There are times when you need more courage than you think you have in you. When you enter unknown territory you need to have the courage to move forward. These situations often appear completely unexpectedly and catch you unaware. As leader you have to be able to quickly pull on your reserves of courage to get you through the tough times.
You may need courage to:
- Make a tough decision
- Take on new responsibilities
- Share your position on a topic
- Get out of your comfort zone
- Be vulnerable
- Admit a mistake/error
- Speak in front of a group
- Delegate an important assignment
- Ask for help
These are just a sampling of when you might need to find the courage to proceed. It’s important that you manage your fear so you can step up when needed. It’s okay to be afraid; in fact if you aren’t ever afraid of failing, or letting someone down, or being wrong about something important then you really aren’t committed. Healthy fear means the outcome matters to you. When you have no fear, nothing matters anymore. So embrace the fear just keep it in perspective.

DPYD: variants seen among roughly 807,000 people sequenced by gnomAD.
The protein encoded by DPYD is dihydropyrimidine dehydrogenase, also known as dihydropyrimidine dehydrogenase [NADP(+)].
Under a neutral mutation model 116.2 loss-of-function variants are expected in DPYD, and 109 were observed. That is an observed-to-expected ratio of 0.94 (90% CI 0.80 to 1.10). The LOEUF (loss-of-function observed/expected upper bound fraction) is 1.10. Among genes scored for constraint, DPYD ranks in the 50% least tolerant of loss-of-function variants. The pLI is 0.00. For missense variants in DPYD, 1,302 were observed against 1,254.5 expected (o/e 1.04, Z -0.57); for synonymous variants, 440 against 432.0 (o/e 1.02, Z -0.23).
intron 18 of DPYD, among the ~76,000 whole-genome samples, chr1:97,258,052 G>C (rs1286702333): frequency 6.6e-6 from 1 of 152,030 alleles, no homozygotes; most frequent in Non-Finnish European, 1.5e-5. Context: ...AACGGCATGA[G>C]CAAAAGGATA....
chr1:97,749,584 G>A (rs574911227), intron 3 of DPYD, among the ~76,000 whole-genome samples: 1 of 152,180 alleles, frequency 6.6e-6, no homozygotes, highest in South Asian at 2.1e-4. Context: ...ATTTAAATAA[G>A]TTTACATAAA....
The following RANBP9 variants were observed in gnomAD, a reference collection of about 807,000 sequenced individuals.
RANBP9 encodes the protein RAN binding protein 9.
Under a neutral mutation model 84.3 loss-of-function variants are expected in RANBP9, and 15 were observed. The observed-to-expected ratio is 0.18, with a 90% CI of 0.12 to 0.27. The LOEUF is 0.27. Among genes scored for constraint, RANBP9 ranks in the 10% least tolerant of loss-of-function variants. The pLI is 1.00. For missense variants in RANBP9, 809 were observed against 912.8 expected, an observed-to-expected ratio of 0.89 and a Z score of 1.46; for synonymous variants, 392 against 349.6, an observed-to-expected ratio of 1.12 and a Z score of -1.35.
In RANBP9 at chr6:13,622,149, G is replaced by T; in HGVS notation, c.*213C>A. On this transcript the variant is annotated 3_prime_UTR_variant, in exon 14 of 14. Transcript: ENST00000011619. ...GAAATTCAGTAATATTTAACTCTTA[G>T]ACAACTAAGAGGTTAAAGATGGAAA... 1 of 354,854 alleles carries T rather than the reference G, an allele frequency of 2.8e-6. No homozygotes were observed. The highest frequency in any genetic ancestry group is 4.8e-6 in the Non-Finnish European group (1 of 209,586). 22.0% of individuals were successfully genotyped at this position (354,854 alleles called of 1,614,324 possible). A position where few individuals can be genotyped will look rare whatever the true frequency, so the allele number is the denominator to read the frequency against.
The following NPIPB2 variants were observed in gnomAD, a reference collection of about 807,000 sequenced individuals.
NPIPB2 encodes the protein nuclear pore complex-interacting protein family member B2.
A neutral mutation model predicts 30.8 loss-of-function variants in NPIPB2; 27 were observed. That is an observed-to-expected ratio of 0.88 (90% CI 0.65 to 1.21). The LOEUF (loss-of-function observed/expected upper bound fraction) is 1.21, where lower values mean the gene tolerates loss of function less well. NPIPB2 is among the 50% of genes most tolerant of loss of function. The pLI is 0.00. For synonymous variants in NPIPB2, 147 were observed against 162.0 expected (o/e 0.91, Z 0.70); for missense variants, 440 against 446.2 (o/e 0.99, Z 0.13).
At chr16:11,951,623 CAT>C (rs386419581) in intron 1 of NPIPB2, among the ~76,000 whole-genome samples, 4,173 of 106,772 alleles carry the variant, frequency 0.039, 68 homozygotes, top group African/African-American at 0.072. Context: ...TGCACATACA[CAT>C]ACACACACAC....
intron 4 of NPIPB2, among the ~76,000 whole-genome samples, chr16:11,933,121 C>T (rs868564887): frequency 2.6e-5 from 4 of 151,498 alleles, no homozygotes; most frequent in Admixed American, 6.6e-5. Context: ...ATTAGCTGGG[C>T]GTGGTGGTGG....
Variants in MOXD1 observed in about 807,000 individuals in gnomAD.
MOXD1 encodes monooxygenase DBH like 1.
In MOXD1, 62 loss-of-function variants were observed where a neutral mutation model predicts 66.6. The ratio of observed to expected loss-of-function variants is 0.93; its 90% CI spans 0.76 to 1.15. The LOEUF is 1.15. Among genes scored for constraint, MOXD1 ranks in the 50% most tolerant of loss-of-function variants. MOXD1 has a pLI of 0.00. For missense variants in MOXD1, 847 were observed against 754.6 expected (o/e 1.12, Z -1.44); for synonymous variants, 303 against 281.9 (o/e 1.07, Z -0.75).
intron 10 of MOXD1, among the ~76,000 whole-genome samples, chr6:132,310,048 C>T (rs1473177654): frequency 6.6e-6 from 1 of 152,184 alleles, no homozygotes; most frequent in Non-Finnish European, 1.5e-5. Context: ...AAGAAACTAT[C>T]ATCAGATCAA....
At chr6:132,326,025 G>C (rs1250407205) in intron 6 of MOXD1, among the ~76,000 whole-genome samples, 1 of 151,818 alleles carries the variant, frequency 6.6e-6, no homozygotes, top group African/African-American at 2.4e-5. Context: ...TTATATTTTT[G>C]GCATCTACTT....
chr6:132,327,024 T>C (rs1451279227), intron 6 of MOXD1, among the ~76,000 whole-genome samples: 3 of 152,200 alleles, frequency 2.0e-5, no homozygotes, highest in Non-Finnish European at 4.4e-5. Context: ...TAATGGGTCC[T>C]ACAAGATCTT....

To keep your fear in its proper place you need to balance it with courage. Courage comes from confidence. Build your courage by building your confidence that you can succeed. Confidence is created from recognizing and acknowledging past success in a related area. If you have previously negotiated a contract successfully you will be more confident of your ability to do it again. The real challenge comes when you venture into new territory, one where you have no direct past experience to use as your compass.
Here are several tips to build confidence when you are in a new situation:
- Look for similar experiences. Maybe you are giving a speech in front of 500 people which is 400 more than you’ve ever done before. However, speaking in front of people can be the same no matter the size of the audience. If you did well with 100 you can do well with 1000.
- Identify transferrable experiences. If you are good at making decisions in a project based environment you can be successful making decisions in other environments. Decision making skills transfer across industries and organizations.